The North Carolina Wildlife Resources Commission has recommended putting a state agency in charge of removing and managing derelict and abandoned boats in navigable North Carolina waters. A recent report recommends having dedicated funding to the problem.
According to the Coastal Review Online, the state of North Carolina has given local governments limited authority to determine how and when an abandoned boat can be removed. Local officials, however, continue to struggle with derelict vessels that have negative impacts on the environment and navigations.
In 2018, the North Carolina General Assembly directed the WRC to provide the report because of the growing concern over abandoned vessels. It was also instructed to consult the Division of Coastal Management, North Carolina Coastal Federation, NOAA’s Marine Debris program, marine salvage experts and other stakeholders.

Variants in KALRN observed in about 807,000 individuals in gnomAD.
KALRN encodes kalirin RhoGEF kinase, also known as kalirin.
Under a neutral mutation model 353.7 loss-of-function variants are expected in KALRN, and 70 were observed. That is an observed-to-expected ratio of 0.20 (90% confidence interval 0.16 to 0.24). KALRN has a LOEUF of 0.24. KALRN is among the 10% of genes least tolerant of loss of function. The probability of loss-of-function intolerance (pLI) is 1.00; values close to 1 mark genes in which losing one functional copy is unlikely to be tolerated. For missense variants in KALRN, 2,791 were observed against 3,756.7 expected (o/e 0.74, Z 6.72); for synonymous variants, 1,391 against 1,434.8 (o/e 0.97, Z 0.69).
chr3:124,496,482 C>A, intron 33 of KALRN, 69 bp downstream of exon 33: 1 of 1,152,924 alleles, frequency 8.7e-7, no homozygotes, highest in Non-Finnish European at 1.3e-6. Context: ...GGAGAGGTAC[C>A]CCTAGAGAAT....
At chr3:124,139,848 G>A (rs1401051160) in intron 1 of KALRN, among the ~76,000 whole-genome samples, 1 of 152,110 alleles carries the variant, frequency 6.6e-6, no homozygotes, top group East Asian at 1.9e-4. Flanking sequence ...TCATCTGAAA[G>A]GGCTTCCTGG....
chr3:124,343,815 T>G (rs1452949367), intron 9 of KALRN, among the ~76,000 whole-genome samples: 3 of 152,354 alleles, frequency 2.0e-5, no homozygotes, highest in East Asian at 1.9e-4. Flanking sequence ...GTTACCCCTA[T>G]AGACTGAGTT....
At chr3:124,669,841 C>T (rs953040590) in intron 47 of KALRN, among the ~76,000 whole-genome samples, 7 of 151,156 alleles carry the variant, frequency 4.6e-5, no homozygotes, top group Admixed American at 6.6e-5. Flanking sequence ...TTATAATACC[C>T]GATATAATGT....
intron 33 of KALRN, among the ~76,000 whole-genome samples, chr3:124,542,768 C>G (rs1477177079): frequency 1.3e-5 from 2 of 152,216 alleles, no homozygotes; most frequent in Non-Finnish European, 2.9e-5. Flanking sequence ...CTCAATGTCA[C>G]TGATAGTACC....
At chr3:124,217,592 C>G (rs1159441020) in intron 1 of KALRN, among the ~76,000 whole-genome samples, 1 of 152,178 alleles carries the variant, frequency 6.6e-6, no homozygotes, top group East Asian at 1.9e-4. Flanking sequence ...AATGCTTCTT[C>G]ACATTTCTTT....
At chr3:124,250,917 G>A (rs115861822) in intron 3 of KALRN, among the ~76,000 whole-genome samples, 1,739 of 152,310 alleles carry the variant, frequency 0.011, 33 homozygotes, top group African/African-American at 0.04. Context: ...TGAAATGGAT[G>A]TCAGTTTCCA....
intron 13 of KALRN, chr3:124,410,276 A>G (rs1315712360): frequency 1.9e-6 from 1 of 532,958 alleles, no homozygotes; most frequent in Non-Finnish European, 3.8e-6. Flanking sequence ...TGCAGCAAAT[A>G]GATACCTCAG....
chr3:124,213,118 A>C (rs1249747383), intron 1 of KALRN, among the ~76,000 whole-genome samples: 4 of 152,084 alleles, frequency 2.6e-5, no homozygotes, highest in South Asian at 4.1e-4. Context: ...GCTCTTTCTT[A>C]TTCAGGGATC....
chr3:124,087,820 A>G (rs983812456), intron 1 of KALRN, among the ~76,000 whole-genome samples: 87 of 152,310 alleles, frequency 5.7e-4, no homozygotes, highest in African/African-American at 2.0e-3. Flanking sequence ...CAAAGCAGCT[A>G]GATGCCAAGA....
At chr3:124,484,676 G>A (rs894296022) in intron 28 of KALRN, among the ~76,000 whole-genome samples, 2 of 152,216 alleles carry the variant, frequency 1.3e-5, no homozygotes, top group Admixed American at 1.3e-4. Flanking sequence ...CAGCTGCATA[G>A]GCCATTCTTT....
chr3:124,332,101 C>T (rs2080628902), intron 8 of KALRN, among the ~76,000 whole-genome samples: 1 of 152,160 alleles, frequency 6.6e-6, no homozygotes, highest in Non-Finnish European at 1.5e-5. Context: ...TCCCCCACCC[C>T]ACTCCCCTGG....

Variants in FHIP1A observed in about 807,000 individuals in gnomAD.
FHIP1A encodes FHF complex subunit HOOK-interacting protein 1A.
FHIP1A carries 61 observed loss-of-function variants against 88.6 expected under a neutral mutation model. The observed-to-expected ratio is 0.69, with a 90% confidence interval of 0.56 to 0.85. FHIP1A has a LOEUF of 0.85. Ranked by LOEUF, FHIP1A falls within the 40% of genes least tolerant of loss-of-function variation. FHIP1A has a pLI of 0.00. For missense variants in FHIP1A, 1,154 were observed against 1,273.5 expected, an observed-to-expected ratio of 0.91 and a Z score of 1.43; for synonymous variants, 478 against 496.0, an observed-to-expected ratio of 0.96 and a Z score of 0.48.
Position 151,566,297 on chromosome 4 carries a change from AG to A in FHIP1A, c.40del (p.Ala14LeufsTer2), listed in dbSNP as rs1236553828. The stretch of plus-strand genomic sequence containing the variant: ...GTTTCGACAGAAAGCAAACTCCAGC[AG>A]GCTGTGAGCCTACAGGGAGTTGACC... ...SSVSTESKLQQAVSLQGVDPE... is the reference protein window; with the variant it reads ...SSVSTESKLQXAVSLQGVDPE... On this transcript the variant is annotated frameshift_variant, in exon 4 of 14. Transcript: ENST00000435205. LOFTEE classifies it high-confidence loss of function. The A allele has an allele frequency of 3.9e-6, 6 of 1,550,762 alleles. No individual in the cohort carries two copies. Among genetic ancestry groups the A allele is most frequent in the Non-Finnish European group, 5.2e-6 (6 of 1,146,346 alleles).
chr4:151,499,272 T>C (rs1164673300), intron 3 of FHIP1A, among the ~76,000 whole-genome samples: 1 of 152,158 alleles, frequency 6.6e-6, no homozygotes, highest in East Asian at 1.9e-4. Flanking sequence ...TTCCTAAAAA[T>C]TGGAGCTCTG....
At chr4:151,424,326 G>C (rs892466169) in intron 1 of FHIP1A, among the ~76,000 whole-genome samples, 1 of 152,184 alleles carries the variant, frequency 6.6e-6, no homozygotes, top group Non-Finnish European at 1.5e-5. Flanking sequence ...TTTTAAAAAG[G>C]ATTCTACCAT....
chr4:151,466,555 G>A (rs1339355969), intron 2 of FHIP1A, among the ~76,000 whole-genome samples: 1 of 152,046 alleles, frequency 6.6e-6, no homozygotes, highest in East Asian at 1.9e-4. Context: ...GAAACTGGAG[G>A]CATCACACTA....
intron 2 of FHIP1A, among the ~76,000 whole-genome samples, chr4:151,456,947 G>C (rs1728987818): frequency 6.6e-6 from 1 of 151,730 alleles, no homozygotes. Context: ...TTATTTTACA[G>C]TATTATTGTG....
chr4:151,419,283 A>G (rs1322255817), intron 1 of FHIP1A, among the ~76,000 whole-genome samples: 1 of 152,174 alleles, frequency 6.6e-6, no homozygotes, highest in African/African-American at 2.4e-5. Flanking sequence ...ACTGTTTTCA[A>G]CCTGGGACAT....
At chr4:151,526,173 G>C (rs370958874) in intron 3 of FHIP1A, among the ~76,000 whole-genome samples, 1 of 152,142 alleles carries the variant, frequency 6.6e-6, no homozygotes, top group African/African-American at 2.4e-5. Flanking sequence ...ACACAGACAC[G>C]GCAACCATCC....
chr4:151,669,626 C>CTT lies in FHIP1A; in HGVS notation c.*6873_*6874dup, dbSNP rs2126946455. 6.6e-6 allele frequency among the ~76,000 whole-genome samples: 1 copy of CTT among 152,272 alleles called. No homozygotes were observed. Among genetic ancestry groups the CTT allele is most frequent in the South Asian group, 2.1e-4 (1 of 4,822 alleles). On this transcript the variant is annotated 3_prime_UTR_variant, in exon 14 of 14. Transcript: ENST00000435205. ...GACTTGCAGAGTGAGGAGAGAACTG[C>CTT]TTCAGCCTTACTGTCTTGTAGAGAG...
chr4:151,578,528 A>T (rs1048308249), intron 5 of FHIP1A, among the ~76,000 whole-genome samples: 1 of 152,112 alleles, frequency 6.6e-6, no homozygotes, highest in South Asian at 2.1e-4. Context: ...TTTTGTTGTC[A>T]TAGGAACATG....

In addition to naming a lead state agency to manage the problem, the report recommends establishing a WRC-coordinated task force for abandoned and derelict vessels. It also calls for enacting a law defining and addressing ADVs statewide with disposal options and vessel-owner notification protocols and rights. Finally, the report suggests establishing education, outreach and preservation programs including a vessel turn-in program similar to those used in other states.
The report used NOAA’s ADV InfoHub, a website that describes how ADVs are handled by each coastal state, as a launch point, compiling existing information on state programs and fact sheets for each state as of 2015. Since then, several states have enacted legislation and provided funding to support ADV programs.
At the federal level, NOAA is the lead agency on ADVs and the Army Corps of Engineers, the U.S. Coast Guard, the Environmental Protection Agency and the Federal Emergency Management Agency also play a role. For the most part, dealing with derelict vessels falls to local authorities.